When we practice agriculture in unison with the Earth’s ecological processes, and in alignment with the ecological laws of nature, we evolve an agriculture of care for the land and for the soil. It is an active participation in the processes of regenerating seed and biodiversity, soil and water. As it is through practicing the law of return that we become part of the great nutrition and food cycle that sustains all life on Earth.
But this is only possible when we see ourselves as active members of one Earth family. Other species are not objects to be manipulated, exploited or pushed to extinction but are our relatives. Each plays a vital role in maintaining and regenerating the web of life. Scientists are now finding out that cooperation shapes evolution, not competition– from the molecules in a cell, to organisms, ecosystems and the planet as a whole, cooperation and mutuality is the organizing principle of life.
Rejuvenating and regenerating the planet through this participation in reciprocity with ecological processes has become a survival imperative for the human species and all beings. What we eat, how we grow the food we eat, and how we distribute it, will determine whether humanity survives or pushes itself and other species to extinction. When we farm with real knowledge of how to care for the Earth and her biodiversity, when we eat real food which nourishes the biodiversity of the Earth, our cultures, and our gut microbiome, we are then participating in real and living economies that regenerate the well-being of all. This is how we sow the seeds of our future.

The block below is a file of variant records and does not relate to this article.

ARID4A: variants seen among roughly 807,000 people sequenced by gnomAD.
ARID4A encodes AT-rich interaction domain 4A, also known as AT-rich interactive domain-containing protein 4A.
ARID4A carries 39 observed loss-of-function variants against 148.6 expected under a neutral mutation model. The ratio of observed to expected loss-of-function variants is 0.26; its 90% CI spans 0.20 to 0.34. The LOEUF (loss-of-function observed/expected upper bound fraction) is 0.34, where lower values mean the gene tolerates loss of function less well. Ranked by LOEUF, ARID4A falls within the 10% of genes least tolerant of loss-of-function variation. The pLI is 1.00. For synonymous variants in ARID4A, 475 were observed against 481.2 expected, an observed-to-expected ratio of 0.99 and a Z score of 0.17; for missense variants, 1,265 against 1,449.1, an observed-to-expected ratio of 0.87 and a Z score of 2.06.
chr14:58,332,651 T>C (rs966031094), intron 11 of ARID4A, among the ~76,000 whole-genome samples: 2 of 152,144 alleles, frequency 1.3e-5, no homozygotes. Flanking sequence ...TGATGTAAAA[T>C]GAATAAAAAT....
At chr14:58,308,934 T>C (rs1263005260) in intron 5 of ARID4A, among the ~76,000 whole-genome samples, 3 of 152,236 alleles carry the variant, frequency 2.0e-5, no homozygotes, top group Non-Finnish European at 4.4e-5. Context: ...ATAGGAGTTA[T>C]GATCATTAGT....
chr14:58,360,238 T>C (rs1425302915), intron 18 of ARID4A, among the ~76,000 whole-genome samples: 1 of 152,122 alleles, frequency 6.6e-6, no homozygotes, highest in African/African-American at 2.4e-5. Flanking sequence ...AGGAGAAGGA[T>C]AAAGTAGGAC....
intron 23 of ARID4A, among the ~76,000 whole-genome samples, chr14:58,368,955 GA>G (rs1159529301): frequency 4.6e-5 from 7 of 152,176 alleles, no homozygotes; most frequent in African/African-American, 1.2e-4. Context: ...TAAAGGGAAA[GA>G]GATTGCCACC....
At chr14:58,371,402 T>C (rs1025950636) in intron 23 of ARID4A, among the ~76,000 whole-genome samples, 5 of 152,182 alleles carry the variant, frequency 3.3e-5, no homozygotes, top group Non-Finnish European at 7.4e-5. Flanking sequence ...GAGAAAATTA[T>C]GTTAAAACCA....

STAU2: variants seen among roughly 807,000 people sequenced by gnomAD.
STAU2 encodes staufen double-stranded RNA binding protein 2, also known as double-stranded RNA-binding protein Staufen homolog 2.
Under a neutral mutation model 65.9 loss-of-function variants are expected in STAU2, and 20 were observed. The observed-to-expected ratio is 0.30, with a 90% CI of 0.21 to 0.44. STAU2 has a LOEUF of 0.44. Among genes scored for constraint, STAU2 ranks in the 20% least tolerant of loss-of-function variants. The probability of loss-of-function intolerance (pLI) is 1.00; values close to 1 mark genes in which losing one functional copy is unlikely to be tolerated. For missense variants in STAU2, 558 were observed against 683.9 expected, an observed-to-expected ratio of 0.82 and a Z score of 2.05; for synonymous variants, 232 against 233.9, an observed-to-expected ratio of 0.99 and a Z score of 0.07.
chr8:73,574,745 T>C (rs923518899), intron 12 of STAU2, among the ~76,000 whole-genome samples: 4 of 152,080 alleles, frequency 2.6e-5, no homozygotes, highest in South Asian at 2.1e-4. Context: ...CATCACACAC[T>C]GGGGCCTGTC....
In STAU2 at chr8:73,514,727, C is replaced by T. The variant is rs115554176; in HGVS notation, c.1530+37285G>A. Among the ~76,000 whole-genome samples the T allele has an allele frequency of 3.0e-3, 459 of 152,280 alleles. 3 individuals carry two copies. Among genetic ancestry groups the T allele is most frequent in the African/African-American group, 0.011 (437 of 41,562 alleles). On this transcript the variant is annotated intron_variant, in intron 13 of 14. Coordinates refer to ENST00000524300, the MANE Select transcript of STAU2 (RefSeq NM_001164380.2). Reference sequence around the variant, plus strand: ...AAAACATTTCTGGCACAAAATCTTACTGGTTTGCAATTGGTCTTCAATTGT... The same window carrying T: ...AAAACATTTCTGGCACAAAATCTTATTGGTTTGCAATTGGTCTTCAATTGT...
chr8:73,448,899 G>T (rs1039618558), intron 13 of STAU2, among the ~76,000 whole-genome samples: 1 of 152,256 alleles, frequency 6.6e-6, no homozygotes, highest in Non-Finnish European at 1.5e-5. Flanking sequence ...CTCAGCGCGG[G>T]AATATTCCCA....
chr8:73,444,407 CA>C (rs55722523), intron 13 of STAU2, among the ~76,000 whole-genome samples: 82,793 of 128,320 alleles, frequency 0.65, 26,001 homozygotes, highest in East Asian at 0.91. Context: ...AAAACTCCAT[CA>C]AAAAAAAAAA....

It is stepping back onto the path of life which has sustained humanity in its diversity over millennia. Each community and culture have co-evolved their own distinct path according to their climates, soils, and biodiversity, contributing to the diversity of food and farming systems. The diversity of cultures of food and agriculture are united through the common and perennial principles on which life is based:
The first is the principle of diversity. Nature does not work on the principle of sameness, uniformity, and monocultures. The natural world is a constant striving for diversity of expression. The cultural diversity of food and agriculture flows from nature’s ways and her biodiversity.
The second principle is the “law of return” or giving back in gratitude, to maintain nature’s ecological cycles of nutrients and water, which are nature’s circular economies on which all life depends.